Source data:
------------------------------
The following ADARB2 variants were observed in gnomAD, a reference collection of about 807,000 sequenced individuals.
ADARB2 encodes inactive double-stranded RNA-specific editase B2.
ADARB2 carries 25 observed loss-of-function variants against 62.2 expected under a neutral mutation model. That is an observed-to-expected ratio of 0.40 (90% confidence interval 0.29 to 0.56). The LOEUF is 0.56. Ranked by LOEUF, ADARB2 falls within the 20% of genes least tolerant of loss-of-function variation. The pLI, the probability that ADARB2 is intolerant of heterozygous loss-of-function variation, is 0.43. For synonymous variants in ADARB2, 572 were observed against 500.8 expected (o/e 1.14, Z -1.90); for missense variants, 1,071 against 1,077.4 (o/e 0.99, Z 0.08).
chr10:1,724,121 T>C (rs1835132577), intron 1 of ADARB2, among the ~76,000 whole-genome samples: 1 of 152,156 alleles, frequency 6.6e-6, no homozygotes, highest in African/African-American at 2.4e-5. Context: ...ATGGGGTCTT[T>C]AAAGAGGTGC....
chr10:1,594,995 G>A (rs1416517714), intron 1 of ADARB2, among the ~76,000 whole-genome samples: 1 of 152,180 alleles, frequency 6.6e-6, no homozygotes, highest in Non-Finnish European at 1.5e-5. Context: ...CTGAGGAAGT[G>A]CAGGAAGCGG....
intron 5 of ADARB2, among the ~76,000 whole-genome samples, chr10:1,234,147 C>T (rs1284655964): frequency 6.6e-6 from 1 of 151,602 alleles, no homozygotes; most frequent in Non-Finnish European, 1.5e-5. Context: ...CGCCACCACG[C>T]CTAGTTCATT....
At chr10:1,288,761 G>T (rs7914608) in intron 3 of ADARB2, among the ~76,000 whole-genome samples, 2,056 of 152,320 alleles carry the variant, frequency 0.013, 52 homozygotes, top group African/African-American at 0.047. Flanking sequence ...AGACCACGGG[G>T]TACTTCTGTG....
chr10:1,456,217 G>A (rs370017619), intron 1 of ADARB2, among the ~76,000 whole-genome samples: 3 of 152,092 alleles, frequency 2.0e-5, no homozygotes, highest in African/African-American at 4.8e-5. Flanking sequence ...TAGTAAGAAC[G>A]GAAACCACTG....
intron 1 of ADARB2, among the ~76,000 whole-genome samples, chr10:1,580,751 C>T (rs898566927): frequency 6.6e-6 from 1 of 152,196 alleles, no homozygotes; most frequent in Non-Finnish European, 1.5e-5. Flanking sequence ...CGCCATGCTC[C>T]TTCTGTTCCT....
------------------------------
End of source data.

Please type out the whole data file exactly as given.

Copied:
The following ADARB2 variants were observed in gnomAD, a reference collection of about 807,000 sequenced individuals.
ADARB2 encodes inactive double-stranded RNA-specific editase B2.
ADARB2 carries 25 observed loss-of-function variants against 62.2 expected under a neutral mutation model. That is an observed-to-expected ratio of 0.40 (90% confidence interval 0.29 to 0.56). The LOEUF is 0.56. Ranked by LOEUF, ADARB2 falls within the 20% of genes least tolerant of loss-of-function variation. The pLI, the probability that ADARB2 is intolerant of heterozygous loss-of-function variation, is 0.43. For synonymous variants in ADARB2, 572 were observed against 500.8 expected (o/e 1.14, Z -1.90); for missense variants, 1,071 against 1,077.4 (o/e 0.99, Z 0.08).
chr10:1,724,121 T>C (rs1835132577), intron 1 of ADARB2, among the ~76,000 whole-genome samples: 1 of 152,156 alleles, frequency 6.6e-6, no homozygotes, highest in African/African-American at 2.4e-5. Context: ...ATGGGGTCTT[T>C]AAAGAGGTGC....
chr10:1,594,995 G>A (rs1416517714), intron 1 of ADARB2, among the ~76,000 whole-genome samples: 1 of 152,180 alleles, frequency 6.6e-6, no homozygotes, highest in Non-Finnish European at 1.5e-5. Context: ...CTGAGGAAGT[G>A]CAGGAAGCGG....
intron 5 of ADARB2, among the ~76,000 whole-genome samples, chr10:1,234,147 C>T (rs1284655964): frequency 6.6e-6 from 1 of 151,602 alleles, no homozygotes; most frequent in Non-Finnish European, 1.5e-5. Context: ...CGCCACCACG[C>T]CTAGTTCATT....
At chr10:1,288,761 G>T (rs7914608) in intron 3 of ADARB2, among the ~76,000 whole-genome samples, 2,056 of 152,320 alleles carry the variant, frequency 0.013, 52 homozygotes, top group African/African-American at 0.047. Flanking sequence ...AGACCACGGG[G>T]TACTTCTGTG....
chr10:1,456,217 G>A (rs370017619), intron 1 of ADARB2, among the ~76,000 whole-genome samples: 3 of 152,092 alleles, frequency 2.0e-5, no homozygotes, highest in African/African-American at 4.8e-5. Flanking sequence ...TAGTAAGAAC[G>A]GAAACCACTG....
intron 1 of ADARB2, among the ~76,000 whole-genome samples, chr10:1,580,751 C>T (rs898566927): frequency 6.6e-6 from 1 of 152,196 alleles, no homozygotes; most frequent in Non-Finnish European, 1.5e-5. Flanking sequence ...CGCCATGCTC[C>T]TTCTGTTCCT....